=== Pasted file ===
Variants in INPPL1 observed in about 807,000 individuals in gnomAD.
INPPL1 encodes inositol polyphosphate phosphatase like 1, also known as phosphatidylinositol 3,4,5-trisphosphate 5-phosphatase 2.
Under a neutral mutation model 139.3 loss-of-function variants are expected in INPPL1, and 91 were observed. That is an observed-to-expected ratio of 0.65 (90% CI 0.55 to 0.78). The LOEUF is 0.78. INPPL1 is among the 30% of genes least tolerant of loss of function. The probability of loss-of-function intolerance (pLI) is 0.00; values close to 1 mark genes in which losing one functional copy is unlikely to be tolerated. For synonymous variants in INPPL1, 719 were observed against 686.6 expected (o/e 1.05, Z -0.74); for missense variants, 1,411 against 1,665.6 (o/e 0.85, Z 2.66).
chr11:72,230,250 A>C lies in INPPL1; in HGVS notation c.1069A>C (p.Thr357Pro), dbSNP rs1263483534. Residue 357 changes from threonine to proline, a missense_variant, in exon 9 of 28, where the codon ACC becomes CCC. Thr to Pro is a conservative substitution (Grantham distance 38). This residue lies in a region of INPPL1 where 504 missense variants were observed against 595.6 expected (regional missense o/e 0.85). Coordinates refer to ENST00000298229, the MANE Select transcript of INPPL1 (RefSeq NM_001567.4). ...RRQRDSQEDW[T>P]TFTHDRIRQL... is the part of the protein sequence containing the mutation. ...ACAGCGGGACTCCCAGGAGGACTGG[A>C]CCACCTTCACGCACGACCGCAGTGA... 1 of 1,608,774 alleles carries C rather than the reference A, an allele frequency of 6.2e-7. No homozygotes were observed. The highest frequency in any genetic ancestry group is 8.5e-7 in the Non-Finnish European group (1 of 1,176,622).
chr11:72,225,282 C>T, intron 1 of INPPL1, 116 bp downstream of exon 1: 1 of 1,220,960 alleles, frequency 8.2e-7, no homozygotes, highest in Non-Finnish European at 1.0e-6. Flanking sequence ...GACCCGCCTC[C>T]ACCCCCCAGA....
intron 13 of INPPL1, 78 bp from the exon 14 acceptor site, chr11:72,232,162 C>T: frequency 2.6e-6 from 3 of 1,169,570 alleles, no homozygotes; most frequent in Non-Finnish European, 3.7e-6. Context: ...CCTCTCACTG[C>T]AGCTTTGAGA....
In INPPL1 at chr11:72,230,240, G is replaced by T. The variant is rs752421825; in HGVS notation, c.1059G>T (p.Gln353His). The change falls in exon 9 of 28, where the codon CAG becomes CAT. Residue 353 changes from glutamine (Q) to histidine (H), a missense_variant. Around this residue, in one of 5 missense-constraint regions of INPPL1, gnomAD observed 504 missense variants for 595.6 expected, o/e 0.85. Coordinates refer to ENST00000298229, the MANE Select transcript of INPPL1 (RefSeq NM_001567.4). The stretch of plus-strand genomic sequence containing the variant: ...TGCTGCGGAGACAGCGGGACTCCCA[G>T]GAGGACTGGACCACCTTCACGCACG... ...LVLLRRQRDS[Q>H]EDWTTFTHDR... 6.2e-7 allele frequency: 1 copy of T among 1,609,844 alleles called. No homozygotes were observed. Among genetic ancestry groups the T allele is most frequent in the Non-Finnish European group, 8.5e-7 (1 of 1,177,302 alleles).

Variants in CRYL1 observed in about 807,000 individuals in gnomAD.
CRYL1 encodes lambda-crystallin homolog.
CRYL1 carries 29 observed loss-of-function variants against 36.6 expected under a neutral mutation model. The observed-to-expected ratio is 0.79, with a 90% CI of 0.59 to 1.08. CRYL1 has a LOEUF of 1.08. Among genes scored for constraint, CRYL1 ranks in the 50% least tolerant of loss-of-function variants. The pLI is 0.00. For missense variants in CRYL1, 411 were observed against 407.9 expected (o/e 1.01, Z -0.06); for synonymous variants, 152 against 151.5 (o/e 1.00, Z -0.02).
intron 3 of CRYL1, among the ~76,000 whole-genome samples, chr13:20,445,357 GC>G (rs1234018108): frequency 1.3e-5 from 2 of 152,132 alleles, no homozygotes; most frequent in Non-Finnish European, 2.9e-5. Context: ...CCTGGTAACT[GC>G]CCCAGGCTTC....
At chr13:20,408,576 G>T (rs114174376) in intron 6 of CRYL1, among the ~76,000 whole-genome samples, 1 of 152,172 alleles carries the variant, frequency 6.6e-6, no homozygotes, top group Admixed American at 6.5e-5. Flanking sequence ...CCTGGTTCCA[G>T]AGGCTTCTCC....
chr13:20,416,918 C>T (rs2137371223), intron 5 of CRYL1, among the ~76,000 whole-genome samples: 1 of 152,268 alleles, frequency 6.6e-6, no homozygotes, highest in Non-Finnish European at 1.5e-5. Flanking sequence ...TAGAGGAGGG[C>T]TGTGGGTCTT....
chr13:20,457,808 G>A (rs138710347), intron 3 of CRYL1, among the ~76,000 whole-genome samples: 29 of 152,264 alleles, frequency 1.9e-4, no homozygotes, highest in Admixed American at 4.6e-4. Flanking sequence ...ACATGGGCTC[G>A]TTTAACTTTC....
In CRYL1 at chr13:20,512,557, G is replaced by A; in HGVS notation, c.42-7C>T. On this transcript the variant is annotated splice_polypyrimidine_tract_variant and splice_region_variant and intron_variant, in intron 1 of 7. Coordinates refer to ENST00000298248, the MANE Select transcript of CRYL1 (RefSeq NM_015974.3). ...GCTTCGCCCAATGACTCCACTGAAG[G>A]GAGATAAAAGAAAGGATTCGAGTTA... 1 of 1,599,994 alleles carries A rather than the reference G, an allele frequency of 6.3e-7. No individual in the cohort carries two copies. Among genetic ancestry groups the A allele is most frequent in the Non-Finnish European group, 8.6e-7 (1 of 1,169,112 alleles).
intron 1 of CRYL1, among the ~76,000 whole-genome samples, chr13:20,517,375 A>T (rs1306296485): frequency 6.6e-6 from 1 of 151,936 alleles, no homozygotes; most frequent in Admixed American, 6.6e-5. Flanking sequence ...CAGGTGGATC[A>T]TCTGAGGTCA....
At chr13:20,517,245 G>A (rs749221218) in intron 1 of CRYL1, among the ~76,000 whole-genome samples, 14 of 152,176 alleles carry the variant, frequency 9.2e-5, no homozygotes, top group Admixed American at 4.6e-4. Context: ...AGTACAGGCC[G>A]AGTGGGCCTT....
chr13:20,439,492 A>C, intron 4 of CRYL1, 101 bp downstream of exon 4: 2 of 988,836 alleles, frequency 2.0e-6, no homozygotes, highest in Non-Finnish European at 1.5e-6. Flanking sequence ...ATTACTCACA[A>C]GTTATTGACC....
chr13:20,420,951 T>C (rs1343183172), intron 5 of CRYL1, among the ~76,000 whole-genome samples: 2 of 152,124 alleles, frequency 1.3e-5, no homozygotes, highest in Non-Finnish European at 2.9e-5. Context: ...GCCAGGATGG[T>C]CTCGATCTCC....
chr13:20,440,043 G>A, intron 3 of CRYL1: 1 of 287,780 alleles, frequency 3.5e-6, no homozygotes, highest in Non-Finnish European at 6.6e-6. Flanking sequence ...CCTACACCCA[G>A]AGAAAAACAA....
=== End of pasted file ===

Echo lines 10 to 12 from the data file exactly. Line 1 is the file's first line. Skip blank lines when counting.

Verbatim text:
CRYL1 carries 29 observed loss-of-function variants against 36.6 expected under a neutral mutation model. The observed-to-expected ratio is 0.79, with a 90% CI of 0.59 to 1.08. CRYL1 has a LOEUF of 1.08. Among genes scored for constraint, CRYL1 ranks in the 50% least tolerant of loss-of-function variants. The pLI is 0.00. For missense variants in CRYL1, 411 were observed against 407.9 expected (o/e 1.01, Z -0.06); for synonymous variants, 152 against 151.5 (o/e 1.00, Z -0.02).
intron 3 of CRYL1, among the ~76,000 whole-genome samples, chr13:20,445,357 GC>G (rs1234018108): frequency 1.3e-5 from 2 of 152,132 alleles, no homozygotes; most frequent in Non-Finnish European, 2.9e-5. Context: ...CCTGGTAACT[GC>G]CCCAGGCTTC....
At chr13:20,408,576 G>T (rs114174376) in intron 6 of CRYL1, among the ~76,000 whole-genome samples, 1 of 152,172 alleles carries the variant, frequency 6.6e-6, no homozygotes, top group Admixed American at 6.5e-5. Flanking sequence ...CCTGGTTCCA[G>T]AGGCTTCTCC....